Again, the source follower 102 is preferably made from a thick gate oxide (e.g., 5.2 nm). Vgs, Ws, and Ls are, respectively, the gate to source voltage, channel width and channel length, of the source follower. The values of the parameters B1, A2 and C2 are functions of Vds, the drain-to-source voltage of the source follower 102. Equation (11) is valid for Ls in the range of about 0.5 μm to about 1.5 μm, and for Vg in the range of about 0.5 V to about 1.0 V. For Vds of about 1.5 V, B1=0.0003, A2=5.2961, and C2=3.8274.

The source follower 102 operates in the saturation range wherein the drain current there through is equal to the gate tunneling current (Ig) of the tunneling FET 104. This gate current in turn is equal to the drain to source current of the source follower 102, which is given by:
I g =[W s/(2L s)]μ n C i V dsat 2  (eq. 12);

wherein μn is the electron mobility, Ci is the gate oxide capacitance/unit area, and Vdsat is given by:
V dsat =V gs −V t  (eq. 13).

Vt is the threshold voltage in saturation, which is about 0.4 volts. Vgs for the source follower 102 is given by:
V gs =VS 2 −V g  (eq. 14);

where VS2 is the input voltage to the gate of the source follower and Vg is the gate voltage of the tunneling FET 104. The drain-to-source voltage of the source follower (Vds) is >Vdsat. The load resistor RL (i.e., load 106) has a voltage thereacross of about 0.05 volts. The Vds for the source follower is given by:
V ds =VS 1−0.05−V g  (eq. 15);

where VS1 is the supply voltage 110 connected to the load resistor RL.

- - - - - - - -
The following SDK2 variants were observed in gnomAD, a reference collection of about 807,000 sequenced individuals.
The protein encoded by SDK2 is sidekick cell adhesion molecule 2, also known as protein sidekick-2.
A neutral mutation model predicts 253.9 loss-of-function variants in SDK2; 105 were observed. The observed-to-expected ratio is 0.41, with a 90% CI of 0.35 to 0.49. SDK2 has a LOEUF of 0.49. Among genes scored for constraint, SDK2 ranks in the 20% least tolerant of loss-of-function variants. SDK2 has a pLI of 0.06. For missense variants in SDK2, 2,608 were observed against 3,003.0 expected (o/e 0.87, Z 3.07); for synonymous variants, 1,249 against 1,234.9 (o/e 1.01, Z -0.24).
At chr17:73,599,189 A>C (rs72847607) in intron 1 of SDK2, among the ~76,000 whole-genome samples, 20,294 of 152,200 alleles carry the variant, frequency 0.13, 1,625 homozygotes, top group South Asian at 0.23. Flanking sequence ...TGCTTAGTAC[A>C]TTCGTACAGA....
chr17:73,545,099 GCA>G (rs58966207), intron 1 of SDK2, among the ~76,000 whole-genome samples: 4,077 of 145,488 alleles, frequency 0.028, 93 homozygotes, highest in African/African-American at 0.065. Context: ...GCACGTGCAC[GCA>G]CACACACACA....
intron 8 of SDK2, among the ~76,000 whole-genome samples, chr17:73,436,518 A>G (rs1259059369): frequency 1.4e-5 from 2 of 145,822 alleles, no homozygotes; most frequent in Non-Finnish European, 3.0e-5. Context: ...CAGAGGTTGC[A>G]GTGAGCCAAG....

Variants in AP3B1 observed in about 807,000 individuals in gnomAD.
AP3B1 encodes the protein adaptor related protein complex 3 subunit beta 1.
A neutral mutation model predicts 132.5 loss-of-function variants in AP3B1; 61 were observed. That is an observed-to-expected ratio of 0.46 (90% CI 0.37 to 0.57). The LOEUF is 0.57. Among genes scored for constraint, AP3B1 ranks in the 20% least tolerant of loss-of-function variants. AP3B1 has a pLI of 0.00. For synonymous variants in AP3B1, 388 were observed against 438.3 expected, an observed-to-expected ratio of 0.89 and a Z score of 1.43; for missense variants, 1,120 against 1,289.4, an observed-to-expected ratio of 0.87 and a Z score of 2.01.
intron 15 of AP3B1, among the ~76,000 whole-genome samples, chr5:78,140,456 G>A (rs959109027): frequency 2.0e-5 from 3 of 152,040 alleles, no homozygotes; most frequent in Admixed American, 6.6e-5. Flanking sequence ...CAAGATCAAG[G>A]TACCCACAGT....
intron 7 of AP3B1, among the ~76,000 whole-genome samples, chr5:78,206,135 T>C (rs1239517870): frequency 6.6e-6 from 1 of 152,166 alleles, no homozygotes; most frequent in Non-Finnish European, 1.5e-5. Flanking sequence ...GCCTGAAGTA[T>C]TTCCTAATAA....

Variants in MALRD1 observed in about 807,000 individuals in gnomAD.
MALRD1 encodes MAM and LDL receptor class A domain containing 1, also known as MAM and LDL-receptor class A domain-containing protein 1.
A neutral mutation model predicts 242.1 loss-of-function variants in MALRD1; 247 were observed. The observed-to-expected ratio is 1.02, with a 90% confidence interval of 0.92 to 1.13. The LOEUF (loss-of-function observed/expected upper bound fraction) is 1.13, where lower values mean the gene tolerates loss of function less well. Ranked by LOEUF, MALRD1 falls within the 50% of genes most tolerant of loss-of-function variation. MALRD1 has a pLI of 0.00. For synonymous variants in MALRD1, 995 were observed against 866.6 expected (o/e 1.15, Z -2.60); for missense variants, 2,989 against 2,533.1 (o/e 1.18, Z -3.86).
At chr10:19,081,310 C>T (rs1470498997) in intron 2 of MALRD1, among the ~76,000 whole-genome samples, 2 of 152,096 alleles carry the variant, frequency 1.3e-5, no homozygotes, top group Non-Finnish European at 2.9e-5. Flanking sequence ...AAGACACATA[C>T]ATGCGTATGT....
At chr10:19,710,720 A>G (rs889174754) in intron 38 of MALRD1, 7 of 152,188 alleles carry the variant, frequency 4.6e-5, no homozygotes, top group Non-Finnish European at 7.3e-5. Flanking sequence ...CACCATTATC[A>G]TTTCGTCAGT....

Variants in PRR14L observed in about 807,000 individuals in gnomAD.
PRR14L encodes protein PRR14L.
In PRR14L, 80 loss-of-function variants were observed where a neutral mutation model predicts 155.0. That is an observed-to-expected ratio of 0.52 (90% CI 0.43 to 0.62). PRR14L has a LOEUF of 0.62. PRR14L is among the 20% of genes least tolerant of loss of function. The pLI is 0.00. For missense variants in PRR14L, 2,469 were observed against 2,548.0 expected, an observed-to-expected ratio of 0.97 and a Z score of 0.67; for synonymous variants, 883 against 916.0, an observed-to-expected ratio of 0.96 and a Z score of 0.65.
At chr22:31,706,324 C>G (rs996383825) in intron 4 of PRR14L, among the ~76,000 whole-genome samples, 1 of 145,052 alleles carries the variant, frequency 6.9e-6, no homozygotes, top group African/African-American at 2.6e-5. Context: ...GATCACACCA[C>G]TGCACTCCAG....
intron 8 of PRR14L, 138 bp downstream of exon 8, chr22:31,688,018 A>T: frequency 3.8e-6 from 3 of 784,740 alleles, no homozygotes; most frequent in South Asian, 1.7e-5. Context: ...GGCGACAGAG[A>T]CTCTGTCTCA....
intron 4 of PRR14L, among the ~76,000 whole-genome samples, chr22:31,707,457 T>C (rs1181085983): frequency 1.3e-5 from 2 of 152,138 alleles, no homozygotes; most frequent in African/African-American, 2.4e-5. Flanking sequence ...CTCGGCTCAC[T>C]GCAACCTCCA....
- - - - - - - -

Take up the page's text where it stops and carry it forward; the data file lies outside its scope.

Circuit Gain

The circuit gain for the tunneling gate amplifier 100 is given by:
Gain=(G md W T L T)/G ds  (eq. 16).

From equations (11), (12), and (16), the gain can also be expressed as:
Gain=(I gd W T L T K T) exp[(C2L s)−(A2V gs)](μn C i V dsat 2)/[B12L s I gd W T L T]  (eq. 17).

This may be further expressed as:
Gain=K Texp[(C2L s)−(A2V gs)](μn C i V dsat 2)/[B12L s]  (eq. 18).

As can be seen from (eq. 18), the circuit gain is independent of Igd, which is the current density of the tunneling FET 104. The gain is also independent of the dimensions of the tunneling FET 104 (WT and LT). However, the circuit gain increases with increasing Ls and Vgs for the source follower 102. It should also be noted that, for a given channel length (Ls) of the source follower 102, the channel width thereof has to satisfy (eq. 12).

With regard to the current source 108, the transconductance Gm for the parallel combination of the tunneling FET 104 and the current source 108 is the same as would be the case where the tunneling FET 104 is used without the current source 108. This is due to the fact that because the current value of the current source 108 remains constant and does not change with gate voltage. Accordingly, the derivative of the total current with respect to voltage will be the same as that for the tunneling FET. The circuit gain when constant current source 108 is used is expressed by:
Gain=(I gd W T L T)K Texp[(C2L s)−(A 2 V gs)](μn C i V dsat 2)/{B12L s[(I gd W T L T)+L s]}  (eq. 19).